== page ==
On most days, workers from the Missouri Network for Opiate Reform and Recovery meet with clients at the addiction treatment center’s South Broadway storefront location or hit the streets to distribute naloxone and clean syringes to people using drugs.
But this week, the organization paused in-person meetings and decreased street outreach as the organization tries to balance protecting its staff from the spread of the coronavirus with its mission to support those currently and formerly addicted to drugs.
With many people isolated during the pandemic, those with addictions are at greater risk for relapse and overdose.
The COVID-19 outbreak has “made an already impossible job even more impossible,” said Chad Sabora, the network’s founder and executive director.
“During this time we are going to see a spike in overdose deaths, we will definitely also see a spike in hepatitis C and HIV,” he said.
People in recovery from alcohol or drug addiction often find the support they need in peer meetings and support groups at places like the network. But government-imposed shelter-in-place orders intended to stop the spread of the virus have meant people can’t see each other. Limits on how many people can gather in one place have put meetings on hold.
Some inpatient recovery centers also have stopped accepting new patients to protect their current clients and staff members.
The network’s headquarters is still open, but staff needs to let visitors in, and everyone needs to stay six feet away from each other, Sabora said. Recovery groups are also meeting using video conferencing, and workers are doing more telephone consultations.
That can be rough on those who depend on in-person support to stay sober, he said.
“That face-to-face interaction, that hug, that room full of people going through the same thing all carries such a different dynamic,” Sabora said. “Doing it via the internet is not as effective at all.”
Not being able to leave home could put others at risk for relapse, said Percy Menzies, president of the St. Louis-based Assisted Recovery Centers of America.
“We know the two strongest factors that contribute to relapse are boredom and loneliness, and when you’re sheltering in place, you’ve got plenty of that,” he said. Adding lost income from a coronavirus-related job loss creates “the perfect storm” for people with addiction, he said.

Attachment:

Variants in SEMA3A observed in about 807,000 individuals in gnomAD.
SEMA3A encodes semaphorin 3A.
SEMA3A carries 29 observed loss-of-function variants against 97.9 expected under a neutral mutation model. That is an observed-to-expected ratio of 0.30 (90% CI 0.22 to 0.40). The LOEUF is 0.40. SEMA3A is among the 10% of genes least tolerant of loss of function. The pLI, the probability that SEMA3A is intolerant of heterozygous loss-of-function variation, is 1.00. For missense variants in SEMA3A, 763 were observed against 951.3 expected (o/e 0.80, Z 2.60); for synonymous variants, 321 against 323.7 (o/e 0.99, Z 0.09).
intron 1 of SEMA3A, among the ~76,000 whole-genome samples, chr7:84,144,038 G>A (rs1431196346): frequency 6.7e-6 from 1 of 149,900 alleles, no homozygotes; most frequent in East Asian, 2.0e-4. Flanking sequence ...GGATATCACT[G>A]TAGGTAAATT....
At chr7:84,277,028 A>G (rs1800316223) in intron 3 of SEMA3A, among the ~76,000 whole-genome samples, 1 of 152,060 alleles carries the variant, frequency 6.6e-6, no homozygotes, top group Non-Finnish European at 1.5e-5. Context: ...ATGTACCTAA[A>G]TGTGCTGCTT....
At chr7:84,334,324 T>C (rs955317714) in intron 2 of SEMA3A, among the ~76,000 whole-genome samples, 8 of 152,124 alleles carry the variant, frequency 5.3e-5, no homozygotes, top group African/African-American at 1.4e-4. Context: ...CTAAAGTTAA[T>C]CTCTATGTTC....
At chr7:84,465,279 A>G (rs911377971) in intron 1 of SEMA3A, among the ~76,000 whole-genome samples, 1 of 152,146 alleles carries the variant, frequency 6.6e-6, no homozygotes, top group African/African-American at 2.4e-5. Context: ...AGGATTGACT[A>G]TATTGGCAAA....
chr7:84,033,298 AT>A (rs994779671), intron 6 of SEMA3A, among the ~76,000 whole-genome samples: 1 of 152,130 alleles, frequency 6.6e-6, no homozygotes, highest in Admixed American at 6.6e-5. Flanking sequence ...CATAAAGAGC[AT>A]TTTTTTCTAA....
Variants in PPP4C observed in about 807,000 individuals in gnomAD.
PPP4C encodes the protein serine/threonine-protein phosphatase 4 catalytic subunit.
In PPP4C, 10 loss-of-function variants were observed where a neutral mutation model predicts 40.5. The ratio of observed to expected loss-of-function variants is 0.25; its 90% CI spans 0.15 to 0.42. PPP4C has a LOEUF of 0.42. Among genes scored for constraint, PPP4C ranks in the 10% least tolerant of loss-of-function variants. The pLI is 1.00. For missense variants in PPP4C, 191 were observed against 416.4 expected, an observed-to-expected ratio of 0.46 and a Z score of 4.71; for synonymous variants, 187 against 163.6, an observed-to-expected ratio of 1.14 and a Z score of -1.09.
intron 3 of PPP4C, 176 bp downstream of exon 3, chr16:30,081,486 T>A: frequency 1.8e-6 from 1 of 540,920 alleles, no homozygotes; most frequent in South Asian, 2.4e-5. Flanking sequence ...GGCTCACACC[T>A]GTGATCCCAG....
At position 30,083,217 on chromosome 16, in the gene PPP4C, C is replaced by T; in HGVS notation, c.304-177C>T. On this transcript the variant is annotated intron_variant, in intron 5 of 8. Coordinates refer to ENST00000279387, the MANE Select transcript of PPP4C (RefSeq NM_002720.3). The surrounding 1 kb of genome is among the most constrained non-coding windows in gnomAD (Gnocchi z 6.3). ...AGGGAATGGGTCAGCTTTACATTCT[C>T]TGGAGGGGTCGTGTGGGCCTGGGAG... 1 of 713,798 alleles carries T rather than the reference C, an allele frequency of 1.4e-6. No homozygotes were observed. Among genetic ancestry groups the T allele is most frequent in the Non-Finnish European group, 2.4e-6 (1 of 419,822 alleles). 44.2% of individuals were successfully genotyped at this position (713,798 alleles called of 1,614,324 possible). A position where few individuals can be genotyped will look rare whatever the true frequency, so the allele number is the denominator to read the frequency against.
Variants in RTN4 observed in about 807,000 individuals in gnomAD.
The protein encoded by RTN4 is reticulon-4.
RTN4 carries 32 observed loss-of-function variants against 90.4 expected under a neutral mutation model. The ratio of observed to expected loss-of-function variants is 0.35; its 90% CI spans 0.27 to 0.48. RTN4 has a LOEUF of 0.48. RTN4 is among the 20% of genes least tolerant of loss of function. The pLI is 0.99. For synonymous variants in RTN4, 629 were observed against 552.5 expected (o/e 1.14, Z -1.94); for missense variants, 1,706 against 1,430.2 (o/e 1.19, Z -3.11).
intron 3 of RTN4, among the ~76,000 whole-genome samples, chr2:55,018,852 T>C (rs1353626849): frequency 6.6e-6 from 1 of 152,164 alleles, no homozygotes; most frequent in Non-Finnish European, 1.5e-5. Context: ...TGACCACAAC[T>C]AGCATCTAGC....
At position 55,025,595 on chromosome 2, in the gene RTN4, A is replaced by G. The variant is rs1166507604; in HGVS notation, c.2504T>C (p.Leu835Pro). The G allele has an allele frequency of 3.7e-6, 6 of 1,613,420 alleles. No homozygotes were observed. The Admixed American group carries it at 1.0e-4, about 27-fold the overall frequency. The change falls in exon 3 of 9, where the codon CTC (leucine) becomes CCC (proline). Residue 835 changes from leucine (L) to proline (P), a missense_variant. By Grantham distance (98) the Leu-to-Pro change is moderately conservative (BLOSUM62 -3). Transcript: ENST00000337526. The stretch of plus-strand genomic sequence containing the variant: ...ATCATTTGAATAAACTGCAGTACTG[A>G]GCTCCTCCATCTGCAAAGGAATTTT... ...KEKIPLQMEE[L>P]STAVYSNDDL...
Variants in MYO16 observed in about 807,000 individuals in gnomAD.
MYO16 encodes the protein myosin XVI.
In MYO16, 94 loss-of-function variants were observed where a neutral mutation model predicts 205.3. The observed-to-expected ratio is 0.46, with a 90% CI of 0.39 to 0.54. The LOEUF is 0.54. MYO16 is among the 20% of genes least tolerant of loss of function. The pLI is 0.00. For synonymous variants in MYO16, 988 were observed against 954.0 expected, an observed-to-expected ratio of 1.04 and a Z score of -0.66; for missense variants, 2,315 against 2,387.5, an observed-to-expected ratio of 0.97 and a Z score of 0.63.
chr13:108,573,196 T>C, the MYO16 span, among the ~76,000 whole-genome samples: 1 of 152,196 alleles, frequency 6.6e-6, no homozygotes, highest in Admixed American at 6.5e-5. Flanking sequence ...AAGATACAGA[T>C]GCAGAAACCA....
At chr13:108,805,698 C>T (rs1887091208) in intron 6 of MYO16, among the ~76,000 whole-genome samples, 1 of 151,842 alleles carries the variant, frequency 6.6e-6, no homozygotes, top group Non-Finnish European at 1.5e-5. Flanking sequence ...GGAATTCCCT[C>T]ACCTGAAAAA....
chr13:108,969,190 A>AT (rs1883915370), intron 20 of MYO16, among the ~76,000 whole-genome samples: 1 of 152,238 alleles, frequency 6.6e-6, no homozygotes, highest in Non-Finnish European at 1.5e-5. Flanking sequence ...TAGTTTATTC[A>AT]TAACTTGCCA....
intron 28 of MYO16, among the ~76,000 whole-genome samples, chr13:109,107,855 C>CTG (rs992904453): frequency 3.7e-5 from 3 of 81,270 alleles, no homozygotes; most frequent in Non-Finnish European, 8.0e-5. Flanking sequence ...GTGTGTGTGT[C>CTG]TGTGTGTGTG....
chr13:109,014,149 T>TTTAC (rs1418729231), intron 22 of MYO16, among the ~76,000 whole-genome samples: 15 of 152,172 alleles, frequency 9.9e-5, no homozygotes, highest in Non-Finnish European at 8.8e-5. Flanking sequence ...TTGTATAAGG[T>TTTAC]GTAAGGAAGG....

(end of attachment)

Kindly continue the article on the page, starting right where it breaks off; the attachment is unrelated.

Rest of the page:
ARCA has seen a roughly 30% increase in telemedicine calls over the past few weeks, Menzies said. Many people who were doing well have seen their addiction problems flare up in response to stress caused by the disease outbreak.
“This morning, I got about eight calls, including a call from a patient who had done very well in the past,” Menzies said Wednesday. “Now he says with the stress and anxiety of what is happening, his cravings had come back very strong for alcohol.”
Menzies encourages those who are at risk of relapse to call recovery clinics, which may be able to prescribe anti-addiction medications over the phone.
Recent regulatory changes are helping increase access to treatment, he said.
Last month, the federal government announced the loosening of several restrictions on treatment providers. Patients can now take home two or four weeks of methadone, which is usually dispensed daily at special clinics.
The federal Substance Abuse and Mental Health Services Administration has also waived requirements that doctors see patients in person before prescribing the opioid addiction medication buprenorphine. Missouri Opioid Response has compiled a list of state providers that are conducting telemedicine consultations for those seeking treatment.
But telemedicine leaves out many people who don’t have a place to live, said Rachel Winograd, associate research professor at the University of Missouri-St. Louis’ Missouri Institute of Mental Health. Many people who use drugs are transient or homeless and don’t have internet access.
“In reality, we have yet to see how this will play out in terms of access," she said. “And of course we need to mourn the loss of in-person services, which …. provide a lot of community and social connection and friendship and hope and things that people in various stages of drug use and recovery really want and need.”
Treatment providers are exploring new ways to reach people. For example, Sabora’s organization is talking to local food delivery services about potentially bringing naloxone along with food, he said.
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